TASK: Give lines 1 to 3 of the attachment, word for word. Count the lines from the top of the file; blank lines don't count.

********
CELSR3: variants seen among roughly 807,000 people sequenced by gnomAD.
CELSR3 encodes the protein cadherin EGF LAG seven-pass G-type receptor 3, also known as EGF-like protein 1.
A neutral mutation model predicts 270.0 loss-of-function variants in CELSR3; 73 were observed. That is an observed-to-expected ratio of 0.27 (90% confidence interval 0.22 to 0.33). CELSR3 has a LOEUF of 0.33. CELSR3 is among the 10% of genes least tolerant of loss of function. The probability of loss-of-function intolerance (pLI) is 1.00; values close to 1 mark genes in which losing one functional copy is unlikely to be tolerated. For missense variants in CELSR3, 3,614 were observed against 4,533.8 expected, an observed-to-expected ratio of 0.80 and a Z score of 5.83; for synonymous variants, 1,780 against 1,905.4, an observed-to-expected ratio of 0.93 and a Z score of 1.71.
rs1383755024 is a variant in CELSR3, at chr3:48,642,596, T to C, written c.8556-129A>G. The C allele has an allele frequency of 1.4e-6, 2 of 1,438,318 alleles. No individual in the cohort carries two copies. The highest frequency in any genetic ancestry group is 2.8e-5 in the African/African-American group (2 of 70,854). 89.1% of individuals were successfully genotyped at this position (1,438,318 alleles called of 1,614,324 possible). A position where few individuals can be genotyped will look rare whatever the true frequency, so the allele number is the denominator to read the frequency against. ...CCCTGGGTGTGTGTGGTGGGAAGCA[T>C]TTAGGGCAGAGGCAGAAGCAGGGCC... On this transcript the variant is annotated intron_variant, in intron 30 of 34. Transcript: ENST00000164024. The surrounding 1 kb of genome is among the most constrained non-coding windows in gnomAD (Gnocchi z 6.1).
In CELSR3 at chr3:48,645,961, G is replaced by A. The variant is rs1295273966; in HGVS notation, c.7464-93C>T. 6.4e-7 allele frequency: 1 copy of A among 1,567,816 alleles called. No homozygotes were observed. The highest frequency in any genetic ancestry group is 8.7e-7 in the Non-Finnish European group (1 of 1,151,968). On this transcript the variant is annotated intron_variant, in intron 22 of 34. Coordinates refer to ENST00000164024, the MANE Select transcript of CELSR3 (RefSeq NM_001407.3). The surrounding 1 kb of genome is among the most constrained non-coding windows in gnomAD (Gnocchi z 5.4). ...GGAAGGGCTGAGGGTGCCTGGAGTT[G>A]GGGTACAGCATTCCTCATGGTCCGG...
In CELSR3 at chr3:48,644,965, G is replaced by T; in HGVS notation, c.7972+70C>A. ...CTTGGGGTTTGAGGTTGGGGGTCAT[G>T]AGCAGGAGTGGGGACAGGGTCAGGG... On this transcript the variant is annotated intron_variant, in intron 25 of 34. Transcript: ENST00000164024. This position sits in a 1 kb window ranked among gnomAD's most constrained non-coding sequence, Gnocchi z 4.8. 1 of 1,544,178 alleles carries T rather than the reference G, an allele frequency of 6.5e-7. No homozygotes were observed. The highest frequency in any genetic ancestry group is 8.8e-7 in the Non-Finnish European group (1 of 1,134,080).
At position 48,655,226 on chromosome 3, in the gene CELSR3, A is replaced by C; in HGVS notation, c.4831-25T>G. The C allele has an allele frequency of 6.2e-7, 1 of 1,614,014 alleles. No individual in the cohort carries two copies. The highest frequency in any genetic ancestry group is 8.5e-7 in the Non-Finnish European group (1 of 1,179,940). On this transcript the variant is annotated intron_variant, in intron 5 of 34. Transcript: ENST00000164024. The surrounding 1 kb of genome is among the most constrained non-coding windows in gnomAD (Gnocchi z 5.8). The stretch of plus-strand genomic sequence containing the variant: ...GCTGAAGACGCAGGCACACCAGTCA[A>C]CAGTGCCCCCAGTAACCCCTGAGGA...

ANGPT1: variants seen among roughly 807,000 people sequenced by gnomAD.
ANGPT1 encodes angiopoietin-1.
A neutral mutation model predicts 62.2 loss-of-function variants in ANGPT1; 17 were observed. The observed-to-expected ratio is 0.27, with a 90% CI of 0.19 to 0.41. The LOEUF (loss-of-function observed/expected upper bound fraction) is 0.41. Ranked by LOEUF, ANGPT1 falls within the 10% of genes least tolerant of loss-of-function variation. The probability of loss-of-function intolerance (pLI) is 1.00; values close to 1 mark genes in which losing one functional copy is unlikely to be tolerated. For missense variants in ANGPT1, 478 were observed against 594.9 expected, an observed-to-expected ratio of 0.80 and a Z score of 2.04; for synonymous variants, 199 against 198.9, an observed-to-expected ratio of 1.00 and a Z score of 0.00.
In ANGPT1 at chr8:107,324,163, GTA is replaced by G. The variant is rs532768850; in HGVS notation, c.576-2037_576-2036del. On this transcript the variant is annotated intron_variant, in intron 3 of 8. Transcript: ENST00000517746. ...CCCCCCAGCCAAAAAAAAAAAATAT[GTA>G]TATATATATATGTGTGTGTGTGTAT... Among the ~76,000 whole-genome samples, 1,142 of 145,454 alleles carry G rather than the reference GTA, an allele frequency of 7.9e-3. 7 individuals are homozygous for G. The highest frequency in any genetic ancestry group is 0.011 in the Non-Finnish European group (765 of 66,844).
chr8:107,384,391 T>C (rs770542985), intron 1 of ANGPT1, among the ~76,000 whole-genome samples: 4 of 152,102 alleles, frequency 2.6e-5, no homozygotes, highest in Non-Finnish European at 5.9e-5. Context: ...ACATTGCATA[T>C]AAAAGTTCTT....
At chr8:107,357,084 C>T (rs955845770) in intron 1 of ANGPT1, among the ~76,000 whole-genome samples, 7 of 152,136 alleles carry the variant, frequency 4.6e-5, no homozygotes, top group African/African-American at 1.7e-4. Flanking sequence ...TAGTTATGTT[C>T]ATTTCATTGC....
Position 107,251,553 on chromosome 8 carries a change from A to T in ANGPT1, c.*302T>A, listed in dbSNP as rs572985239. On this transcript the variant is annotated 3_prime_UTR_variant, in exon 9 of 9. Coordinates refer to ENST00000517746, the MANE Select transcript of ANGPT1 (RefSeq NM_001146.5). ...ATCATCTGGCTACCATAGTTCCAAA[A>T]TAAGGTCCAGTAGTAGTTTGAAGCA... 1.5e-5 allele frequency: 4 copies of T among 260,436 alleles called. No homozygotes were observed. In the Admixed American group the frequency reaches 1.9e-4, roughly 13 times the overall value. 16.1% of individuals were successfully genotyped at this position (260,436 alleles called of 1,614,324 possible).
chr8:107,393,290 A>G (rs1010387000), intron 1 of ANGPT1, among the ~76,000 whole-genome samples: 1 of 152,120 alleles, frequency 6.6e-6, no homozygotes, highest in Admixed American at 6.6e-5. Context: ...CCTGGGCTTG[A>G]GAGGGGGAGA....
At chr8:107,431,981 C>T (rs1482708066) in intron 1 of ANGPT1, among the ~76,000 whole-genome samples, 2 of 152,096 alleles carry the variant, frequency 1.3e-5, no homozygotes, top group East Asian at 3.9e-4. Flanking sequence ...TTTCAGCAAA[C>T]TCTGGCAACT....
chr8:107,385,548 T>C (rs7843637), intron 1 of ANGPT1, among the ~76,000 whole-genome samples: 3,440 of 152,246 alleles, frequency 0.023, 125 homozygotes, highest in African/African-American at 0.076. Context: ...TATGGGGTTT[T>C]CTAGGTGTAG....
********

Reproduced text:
CELSR3: variants seen among roughly 807,000 people sequenced by gnomAD.
CELSR3 encodes the protein cadherin EGF LAG seven-pass G-type receptor 3, also known as EGF-like protein 1.
A neutral mutation model predicts 270.0 loss-of-function variants in CELSR3; 73 were observed. That is an observed-to-expected ratio of 0.27 (90% confidence interval 0.22 to 0.33). CELSR3 has a LOEUF of 0.33. CELSR3 is among the 10% of genes least tolerant of loss of function. The probability of loss-of-function intolerance (pLI) is 1.00; values close to 1 mark genes in which losing one functional copy is unlikely to be tolerated. For missense variants in CELSR3, 3,614 were observed against 4,533.8 expected, an observed-to-expected ratio of 0.80 and a Z score of 5.83; for synonymous variants, 1,780 against 1,905.4, an observed-to-expected ratio of 0.93 and a Z score of 1.71.